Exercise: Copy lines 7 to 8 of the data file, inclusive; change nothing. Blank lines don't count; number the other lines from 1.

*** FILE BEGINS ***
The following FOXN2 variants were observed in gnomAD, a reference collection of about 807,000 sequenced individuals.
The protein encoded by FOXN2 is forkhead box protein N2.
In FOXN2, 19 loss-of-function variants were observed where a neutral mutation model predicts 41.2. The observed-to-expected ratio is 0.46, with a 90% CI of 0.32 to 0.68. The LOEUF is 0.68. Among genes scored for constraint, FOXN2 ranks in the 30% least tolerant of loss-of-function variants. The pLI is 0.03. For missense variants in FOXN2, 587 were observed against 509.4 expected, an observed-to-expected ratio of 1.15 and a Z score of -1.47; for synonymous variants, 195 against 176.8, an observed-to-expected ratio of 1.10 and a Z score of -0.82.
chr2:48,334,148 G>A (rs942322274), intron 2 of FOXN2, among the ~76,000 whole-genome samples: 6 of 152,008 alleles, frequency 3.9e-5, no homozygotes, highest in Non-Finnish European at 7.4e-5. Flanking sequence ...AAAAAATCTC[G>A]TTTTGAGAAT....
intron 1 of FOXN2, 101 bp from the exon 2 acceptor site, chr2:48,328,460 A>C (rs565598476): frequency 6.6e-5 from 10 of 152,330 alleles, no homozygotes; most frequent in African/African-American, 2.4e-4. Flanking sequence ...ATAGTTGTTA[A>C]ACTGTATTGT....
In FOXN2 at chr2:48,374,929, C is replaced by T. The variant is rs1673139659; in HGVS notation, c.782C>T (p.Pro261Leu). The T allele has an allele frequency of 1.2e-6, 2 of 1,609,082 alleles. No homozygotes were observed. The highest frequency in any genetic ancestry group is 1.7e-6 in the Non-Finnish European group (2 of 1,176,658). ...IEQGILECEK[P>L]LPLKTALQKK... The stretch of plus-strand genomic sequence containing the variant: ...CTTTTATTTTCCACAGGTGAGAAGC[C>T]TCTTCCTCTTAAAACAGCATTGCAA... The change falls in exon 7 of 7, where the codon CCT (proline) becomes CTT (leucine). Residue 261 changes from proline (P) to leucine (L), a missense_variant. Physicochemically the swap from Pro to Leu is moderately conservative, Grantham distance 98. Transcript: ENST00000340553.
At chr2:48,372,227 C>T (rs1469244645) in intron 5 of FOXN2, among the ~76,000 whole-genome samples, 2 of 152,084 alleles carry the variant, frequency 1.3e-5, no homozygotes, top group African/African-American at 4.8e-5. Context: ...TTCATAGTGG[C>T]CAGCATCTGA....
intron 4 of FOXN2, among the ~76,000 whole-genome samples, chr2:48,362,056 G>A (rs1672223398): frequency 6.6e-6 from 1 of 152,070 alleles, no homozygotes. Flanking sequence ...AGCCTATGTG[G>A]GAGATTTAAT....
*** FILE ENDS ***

At chr2:48,372,227 C>T (rs1469244645) in intron 5 of FOXN2, among the ~76,000 whole-genome samples, 2 of 152,084 alleles carry the variant, frequency 1.3e-5, no homozygotes, top group African/African-American at 4.8e-5. Context: ...TTCATAGTGG[C>T]CAGCATCTGA....
intron 4 of FOXN2, among the ~76,000 whole-genome samples, chr2:48,362,056 G>A (rs1672223398): frequency 6.6e-6 from 1 of 152,070 alleles, no homozygotes. Flanking sequence ...AGCCTATGTG[G>A]GAGATTTAAT....